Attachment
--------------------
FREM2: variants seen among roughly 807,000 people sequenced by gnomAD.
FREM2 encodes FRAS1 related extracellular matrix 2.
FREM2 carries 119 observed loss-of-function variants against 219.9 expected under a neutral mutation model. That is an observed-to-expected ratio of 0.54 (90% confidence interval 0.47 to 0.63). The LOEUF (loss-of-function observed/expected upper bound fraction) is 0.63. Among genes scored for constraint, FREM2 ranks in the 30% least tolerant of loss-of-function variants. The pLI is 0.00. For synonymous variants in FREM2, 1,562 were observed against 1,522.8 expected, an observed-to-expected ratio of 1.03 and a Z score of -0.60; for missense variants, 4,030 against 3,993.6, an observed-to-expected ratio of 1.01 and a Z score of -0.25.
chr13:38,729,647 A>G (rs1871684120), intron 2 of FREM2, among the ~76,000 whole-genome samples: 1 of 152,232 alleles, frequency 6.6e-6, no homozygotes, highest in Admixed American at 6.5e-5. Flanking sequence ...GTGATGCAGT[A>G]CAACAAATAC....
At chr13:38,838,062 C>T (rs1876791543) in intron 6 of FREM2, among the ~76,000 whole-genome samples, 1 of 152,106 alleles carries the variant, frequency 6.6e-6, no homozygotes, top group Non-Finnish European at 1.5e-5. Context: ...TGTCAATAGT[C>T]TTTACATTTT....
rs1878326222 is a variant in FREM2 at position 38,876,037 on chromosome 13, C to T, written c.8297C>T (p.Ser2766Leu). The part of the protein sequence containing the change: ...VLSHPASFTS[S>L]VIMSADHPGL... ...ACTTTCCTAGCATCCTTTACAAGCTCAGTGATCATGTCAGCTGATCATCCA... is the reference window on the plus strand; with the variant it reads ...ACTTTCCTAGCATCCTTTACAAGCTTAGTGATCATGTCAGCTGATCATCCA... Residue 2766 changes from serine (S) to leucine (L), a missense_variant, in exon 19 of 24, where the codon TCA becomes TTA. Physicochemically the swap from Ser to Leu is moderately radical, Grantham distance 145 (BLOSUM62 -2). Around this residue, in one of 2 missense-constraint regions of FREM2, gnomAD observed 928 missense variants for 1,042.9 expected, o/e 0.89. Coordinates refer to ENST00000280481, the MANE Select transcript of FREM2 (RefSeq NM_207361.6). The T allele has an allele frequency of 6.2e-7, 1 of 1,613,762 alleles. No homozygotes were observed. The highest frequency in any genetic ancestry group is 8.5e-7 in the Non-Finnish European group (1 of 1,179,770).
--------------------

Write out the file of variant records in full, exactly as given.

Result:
FREM2: variants seen among roughly 807,000 people sequenced by gnomAD.
FREM2 encodes FRAS1 related extracellular matrix 2.
FREM2 carries 119 observed loss-of-function variants against 219.9 expected under a neutral mutation model. That is an observed-to-expected ratio of 0.54 (90% confidence interval 0.47 to 0.63). The LOEUF (loss-of-function observed/expected upper bound fraction) is 0.63. Among genes scored for constraint, FREM2 ranks in the 30% least tolerant of loss-of-function variants. The pLI is 0.00. For synonymous variants in FREM2, 1,562 were observed against 1,522.8 expected, an observed-to-expected ratio of 1.03 and a Z score of -0.60; for missense variants, 4,030 against 3,993.6, an observed-to-expected ratio of 1.01 and a Z score of -0.25.
chr13:38,729,647 A>G (rs1871684120), intron 2 of FREM2, among the ~76,000 whole-genome samples: 1 of 152,232 alleles, frequency 6.6e-6, no homozygotes, highest in Admixed American at 6.5e-5. Flanking sequence ...GTGATGCAGT[A>G]CAACAAATAC....
At chr13:38,838,062 C>T (rs1876791543) in intron 6 of FREM2, among the ~76,000 whole-genome samples, 1 of 152,106 alleles carries the variant, frequency 6.6e-6, no homozygotes, top group Non-Finnish European at 1.5e-5. Context: ...TGTCAATAGT[C>T]TTTACATTTT....
rs1878326222 is a variant in FREM2 at position 38,876,037 on chromosome 13, C to T, written c.8297C>T (p.Ser2766Leu). The part of the protein sequence containing the change: ...VLSHPASFTS[S>L]VIMSADHPGL... ...ACTTTCCTAGCATCCTTTACAAGCTCAGTGATCATGTCAGCTGATCATCCA... is the reference window on the plus strand; with the variant it reads ...ACTTTCCTAGCATCCTTTACAAGCTTAGTGATCATGTCAGCTGATCATCCA... Residue 2766 changes from serine (S) to leucine (L), a missense_variant, in exon 19 of 24, where the codon TCA becomes TTA. Physicochemically the swap from Ser to Leu is moderately radical, Grantham distance 145 (BLOSUM62 -2). Around this residue, in one of 2 missense-constraint regions of FREM2, gnomAD observed 928 missense variants for 1,042.9 expected, o/e 0.89. Coordinates refer to ENST00000280481, the MANE Select transcript of FREM2 (RefSeq NM_207361.6). The T allele has an allele frequency of 6.2e-7, 1 of 1,613,762 alleles. No homozygotes were observed. The highest frequency in any genetic ancestry group is 8.5e-7 in the Non-Finnish European group (1 of 1,179,770).